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The Dubai International Film Festival kicked off Wednesday evening with arguably the most politically charged message in the event’s 12-year history.
In his opening remarks, festival chairman Abdulhamid Juma gave an impassioned speech, which, while carefully avoiding mentioning the Islamic State by name, took aim at the ongoing violence reverberating across the Middle East and highlighted cinema’s role in affecting positive change.
“Tonight we inaugurate the festival amid grey clouds, at a difficult time where glowing fires, contradictory views and foggy thoughts are all over the world,” he said, adding that the 134 films in the festival’s lineup represented “creative and bold” attempts to explain what was happening in the world.
“They (the extremists) want us to resort to a dark jail where they can practice their torture rituals, as demonstrated in Majed Al Ansari’s film Zinzana. They want to hijack our religion, our security. They want women to be an item they can buy and sell, with no rights, while woman in fact continue to fight for a better life, as portrayed in the movie Suffragette by Sarah Gavron. They want to take us back to the age of slavery, which we got rid of 1,400 years ago, as in the movie Bilal by Ayman Jamal and Khurram Alavi. They want to corner us, isolate us from the outside world, as you will see in tonight’s screening Room by Lenny Abrahamson.”
Juma urged those in attendance to “stand together, tight and firm,” against the chaos spread by a “small minority that wants to dominate a large majority.”
“In the name of cinema we all gather here to say no: no to the inhumane, no to the ugly.”
The curtain-raiser Room played to a packed crowd at the Madinat Arena, the festival’s long-serving hub, where its young star Jacob Tremblay was in attendance just hours after being nominated for a SAG award for best supporting actor.
“It’s a very exciting time for me because this is a very fun place,” the 9-year-old said onstage. “Lots of people here are nice and it’s super warm.”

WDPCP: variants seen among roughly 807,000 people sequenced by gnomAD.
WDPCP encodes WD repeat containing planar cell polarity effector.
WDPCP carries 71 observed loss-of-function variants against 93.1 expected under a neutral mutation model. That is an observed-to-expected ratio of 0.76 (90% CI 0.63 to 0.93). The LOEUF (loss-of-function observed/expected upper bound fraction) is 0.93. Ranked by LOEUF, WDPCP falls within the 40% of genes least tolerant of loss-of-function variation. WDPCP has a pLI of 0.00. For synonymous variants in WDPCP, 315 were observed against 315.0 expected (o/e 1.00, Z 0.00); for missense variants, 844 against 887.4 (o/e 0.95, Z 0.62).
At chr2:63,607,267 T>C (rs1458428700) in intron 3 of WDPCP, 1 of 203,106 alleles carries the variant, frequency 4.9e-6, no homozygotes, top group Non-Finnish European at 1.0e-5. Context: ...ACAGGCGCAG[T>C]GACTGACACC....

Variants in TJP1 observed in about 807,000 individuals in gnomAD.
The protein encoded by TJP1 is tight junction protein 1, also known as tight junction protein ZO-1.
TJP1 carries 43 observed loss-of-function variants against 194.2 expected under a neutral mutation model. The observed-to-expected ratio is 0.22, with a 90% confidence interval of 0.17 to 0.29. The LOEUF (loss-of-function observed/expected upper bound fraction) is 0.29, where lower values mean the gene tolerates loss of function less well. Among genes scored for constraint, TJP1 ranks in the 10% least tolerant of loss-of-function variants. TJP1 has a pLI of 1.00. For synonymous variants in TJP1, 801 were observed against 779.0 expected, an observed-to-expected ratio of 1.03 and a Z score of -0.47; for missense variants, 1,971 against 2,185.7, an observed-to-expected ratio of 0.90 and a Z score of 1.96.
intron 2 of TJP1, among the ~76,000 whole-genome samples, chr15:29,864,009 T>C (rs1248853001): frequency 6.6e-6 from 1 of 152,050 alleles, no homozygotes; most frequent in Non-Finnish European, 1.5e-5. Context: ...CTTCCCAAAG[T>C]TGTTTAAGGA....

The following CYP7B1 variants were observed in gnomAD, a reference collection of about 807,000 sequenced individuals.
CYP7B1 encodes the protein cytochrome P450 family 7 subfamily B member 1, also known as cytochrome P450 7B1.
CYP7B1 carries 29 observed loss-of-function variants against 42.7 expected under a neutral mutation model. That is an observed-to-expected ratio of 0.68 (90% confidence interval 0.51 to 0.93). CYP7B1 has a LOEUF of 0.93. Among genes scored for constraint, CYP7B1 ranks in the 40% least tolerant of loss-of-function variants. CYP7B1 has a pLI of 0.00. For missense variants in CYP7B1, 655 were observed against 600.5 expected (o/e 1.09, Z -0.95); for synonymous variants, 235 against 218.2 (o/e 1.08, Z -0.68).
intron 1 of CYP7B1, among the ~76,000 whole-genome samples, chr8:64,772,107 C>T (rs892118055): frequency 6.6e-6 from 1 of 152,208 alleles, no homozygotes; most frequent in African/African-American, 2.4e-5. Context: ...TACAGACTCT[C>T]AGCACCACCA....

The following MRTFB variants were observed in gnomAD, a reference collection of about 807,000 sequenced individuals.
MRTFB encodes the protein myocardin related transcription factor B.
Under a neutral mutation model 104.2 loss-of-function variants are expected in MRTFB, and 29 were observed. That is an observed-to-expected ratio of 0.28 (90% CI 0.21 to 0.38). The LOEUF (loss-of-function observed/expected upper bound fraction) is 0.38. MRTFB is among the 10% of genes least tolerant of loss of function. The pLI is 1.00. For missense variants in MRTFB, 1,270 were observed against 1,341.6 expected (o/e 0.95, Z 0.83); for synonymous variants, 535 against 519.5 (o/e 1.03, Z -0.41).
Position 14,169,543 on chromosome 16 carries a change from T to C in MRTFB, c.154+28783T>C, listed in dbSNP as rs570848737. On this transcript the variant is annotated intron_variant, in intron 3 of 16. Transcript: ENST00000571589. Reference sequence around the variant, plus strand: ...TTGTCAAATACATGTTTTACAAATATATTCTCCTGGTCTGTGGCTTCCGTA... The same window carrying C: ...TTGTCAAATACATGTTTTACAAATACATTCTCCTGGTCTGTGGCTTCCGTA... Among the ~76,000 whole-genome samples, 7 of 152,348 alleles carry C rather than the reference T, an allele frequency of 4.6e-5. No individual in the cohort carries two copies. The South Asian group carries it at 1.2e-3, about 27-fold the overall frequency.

Catherine Deneuve was also welcomed to the stage to collect the event’s lifetime achievement award, while other names on the red carpet included Dev Patel, Richard Dreyfuss, Michael B. Jordan and Egyptian comic Bassem Youssef.
Alongside those referenced by Juma, the festival will also see screenings of titles including The Man Who Knew Infinity, Spotlight, Truth, Concussion and The Lady in the Van before closing with The Big Short on Dec. 17.
With its new status as the Middle East’s only major international film event — following the shuttering of the Abu Dhabi Film Festival in May — Dubai has also brought together some of the year’s finest Arabic offerings, including 11 locally made features.
Dec. 10 will see the regional premiere of Zinzana (Rattle the Cage), considered the United Arab Emirate’s first genre film, which first bowed earlier this year at the Fantastic Fest in Texas. A former Black List script picked up by emerging local director and recent UTA signing Majed Al Ansari for his debut, the neo-noir thriller follows hot on the heels of comedy From A to B, which opened the last Abu Dhabi Film Festival in 2014 and comes from the same local banner Image Nation Abu Dhabi.
Zinzana producer Rami Yasin spoke about how the success of regional festivals, headed by Dubai, together with the arrival of Image Nation had changed the landscape for local filmmaking, which has witnessed a dramatic upswing in recent years.
“Image Nation is achieving something that people have spoken about for many years. But nobody had the right structure, know-how or means to do it,” he said. “The speed at which we are turning out these films now is incredible.”
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